The trade unions are very concerned by these proposals. The UK still has one of the highest death rates in the world and the infection rate is still very high.

If there is a ‘return to work’ in your workplace then you need to see the risk assessments done by your employer. They should cover all of the duties you will be expected to perform and how they can be made as safe as possible.

Lambeth Council will not be bringing people back to work without consultations with the unions first.

If you have an underlying health condition or live with someone who does then you should still be at home.

UNISON is very concerned about the announcement that the furlough money will be reduced at a time when the pandemic is still very much with us.

Many of our members work in social care and we know hoe dangerous that is and how many elderly people are dying in care homes. This is advice for staff in those workplaces on PPE PPE advice for social care workers

For other members please read this PPE general advice.

If you have any concerns that your workplace is not safe then you are entitled under your legal rights to refuse to attend a workplace. You have this right under Section 44 of the Employment Rights Act 1996.

Please visit this website to read more and contact us if you have any questions.

BAME members

The shocking announcement today that BAME people are four times more likely to die of COVID-19 should be a wakeup call for this government and our bosses. BAME people make up a lot of health and social care workers, they are on the front line every day saving lives but the cost is too high.

If you are a BAME member of UNISON then we would like to hear from you about your experiences at work during the lock down. Please email shannah@lambeth.gov.uk

UNISON are raising these issues with employers specifically, if you are concerned about your workplace please contact us.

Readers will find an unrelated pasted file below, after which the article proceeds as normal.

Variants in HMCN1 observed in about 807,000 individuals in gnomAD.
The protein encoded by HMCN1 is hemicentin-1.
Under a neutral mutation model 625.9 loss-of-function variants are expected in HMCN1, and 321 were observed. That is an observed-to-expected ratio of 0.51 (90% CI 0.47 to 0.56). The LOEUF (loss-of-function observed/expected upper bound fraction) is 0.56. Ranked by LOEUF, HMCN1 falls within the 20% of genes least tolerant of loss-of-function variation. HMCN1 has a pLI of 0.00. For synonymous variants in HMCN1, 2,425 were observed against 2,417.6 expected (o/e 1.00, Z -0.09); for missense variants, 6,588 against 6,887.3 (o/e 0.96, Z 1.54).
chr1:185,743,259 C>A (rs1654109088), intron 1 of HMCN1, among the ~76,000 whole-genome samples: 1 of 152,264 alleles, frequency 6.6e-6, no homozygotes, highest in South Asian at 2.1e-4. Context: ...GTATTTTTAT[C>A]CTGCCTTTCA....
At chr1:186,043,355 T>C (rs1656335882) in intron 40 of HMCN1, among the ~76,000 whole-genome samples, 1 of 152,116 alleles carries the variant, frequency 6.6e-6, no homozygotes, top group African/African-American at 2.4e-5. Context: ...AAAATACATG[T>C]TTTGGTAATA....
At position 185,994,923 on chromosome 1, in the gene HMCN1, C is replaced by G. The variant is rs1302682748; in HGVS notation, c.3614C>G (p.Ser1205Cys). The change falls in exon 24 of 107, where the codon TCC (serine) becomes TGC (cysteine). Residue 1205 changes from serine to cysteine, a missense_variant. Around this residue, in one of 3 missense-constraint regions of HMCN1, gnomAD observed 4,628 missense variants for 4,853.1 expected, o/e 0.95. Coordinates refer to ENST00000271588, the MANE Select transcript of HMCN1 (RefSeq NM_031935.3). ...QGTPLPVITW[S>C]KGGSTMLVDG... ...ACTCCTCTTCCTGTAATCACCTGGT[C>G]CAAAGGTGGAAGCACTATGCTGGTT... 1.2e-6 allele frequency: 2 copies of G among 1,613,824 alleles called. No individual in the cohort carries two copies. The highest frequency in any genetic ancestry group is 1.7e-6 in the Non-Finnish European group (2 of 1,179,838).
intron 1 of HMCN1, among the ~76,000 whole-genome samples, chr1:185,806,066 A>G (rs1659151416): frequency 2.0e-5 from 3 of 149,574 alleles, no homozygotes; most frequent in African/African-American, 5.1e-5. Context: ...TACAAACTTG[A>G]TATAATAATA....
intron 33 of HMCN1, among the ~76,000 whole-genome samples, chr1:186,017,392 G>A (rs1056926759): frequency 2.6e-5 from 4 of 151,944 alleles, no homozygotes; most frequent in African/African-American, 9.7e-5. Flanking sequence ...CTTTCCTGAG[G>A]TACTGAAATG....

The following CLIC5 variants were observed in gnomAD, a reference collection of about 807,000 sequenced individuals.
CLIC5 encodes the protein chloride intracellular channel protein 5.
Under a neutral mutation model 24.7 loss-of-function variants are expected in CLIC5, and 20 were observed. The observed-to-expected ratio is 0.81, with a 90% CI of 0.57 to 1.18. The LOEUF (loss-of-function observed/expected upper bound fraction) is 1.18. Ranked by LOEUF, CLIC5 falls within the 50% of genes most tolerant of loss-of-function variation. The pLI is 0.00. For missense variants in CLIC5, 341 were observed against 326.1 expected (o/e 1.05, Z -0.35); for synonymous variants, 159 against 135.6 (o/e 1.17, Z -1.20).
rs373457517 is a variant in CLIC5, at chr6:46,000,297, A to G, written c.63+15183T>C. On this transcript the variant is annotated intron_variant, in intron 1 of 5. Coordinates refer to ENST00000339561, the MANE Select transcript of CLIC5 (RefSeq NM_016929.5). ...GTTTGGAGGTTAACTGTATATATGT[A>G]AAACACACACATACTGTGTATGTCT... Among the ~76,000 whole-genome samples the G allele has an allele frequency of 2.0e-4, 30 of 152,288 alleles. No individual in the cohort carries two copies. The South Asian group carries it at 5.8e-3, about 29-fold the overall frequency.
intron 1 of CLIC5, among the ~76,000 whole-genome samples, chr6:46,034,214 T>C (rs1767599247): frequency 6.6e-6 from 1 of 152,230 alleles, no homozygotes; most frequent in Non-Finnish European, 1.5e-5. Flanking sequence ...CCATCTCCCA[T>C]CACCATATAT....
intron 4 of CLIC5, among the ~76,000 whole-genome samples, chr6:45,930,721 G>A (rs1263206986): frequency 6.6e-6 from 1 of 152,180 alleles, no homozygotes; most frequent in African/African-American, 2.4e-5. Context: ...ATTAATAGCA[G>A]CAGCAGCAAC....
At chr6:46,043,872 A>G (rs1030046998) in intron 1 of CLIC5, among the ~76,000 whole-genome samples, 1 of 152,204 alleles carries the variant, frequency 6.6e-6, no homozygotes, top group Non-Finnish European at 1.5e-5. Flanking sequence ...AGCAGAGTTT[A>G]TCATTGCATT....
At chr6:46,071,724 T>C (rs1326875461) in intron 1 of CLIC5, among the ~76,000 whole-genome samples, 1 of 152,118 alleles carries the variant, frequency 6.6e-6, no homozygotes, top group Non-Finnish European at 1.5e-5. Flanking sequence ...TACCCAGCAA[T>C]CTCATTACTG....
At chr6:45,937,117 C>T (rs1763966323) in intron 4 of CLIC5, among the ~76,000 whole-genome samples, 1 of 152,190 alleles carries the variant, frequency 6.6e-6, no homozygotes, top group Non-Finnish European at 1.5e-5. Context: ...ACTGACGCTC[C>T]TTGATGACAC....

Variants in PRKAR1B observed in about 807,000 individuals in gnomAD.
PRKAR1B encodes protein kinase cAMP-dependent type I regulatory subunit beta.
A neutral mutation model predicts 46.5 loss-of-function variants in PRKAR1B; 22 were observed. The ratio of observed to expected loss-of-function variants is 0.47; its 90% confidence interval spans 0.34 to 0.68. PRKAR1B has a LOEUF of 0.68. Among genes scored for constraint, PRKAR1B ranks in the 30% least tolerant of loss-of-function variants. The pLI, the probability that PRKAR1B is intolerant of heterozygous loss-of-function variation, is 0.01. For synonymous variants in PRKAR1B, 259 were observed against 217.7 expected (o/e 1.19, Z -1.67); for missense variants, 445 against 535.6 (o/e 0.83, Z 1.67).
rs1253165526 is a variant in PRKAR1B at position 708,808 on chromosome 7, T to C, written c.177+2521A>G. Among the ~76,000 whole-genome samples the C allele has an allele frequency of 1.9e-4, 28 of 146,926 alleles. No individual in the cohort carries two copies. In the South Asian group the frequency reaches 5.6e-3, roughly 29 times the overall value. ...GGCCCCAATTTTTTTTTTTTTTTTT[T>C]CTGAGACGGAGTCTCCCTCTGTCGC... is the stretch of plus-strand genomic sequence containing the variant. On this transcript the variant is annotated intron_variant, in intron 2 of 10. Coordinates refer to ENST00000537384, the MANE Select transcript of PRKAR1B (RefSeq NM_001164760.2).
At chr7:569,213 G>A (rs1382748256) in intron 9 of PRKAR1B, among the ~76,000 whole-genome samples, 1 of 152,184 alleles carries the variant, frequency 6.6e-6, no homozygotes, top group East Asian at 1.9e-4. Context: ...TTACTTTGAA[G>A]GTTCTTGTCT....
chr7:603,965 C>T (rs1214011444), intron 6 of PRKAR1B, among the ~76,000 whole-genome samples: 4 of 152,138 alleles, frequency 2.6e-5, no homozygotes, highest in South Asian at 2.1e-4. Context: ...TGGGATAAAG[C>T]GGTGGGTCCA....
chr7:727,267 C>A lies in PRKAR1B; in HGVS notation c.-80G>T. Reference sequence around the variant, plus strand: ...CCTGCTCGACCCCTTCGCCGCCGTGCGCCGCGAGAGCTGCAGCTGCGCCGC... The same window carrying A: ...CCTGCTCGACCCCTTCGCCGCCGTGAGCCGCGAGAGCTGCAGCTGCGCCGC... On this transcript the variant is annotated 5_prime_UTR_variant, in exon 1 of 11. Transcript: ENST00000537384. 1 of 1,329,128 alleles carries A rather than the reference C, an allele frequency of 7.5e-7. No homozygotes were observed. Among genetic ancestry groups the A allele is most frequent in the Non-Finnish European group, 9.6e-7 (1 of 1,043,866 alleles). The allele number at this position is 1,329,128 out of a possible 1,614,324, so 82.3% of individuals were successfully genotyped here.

Pay campaign for local government

The trade unions put in a claim for 10% pay increase and an extra days holiday a year for local government. This was rejected by the employers who came back with a 275% pay increase and an increase on the basic green book leave entitlement from 21 to 22 days but with no corresponding increase in the long service leave so effectively it meant bringing forward one of the days previously awarded at five years’ service. The unions are campaigning against this and demanding more for wages and on holiday as our members have not had a pay rise above inflation for over a decade now.

International Workers Memorial Day

Thanks to everyone who sent in pictures, they are on the website https://lambeth-unison.org/2020/05/02/international-workers-memorial-day/

Stay safe everyone and please get in touch if any issues arise

Protests at Olive Morris House over demolition

Lambeth Council have decided to start the demolition of Olive Morris House during the pandemic.

Many people are concerned that this isn’t he time to to be moving ahead with a demolition.

The petition to stop it has over 1,000 signatures – report on the recent protest is in Brixton Buzz http://www.brixtonbuzz.com/2020/04/in-photos-a-socially-distanced-protest-against-the-demolition-of-olive-morris-house-during-the-coronavirus-crisis-fri-24th-april-2020/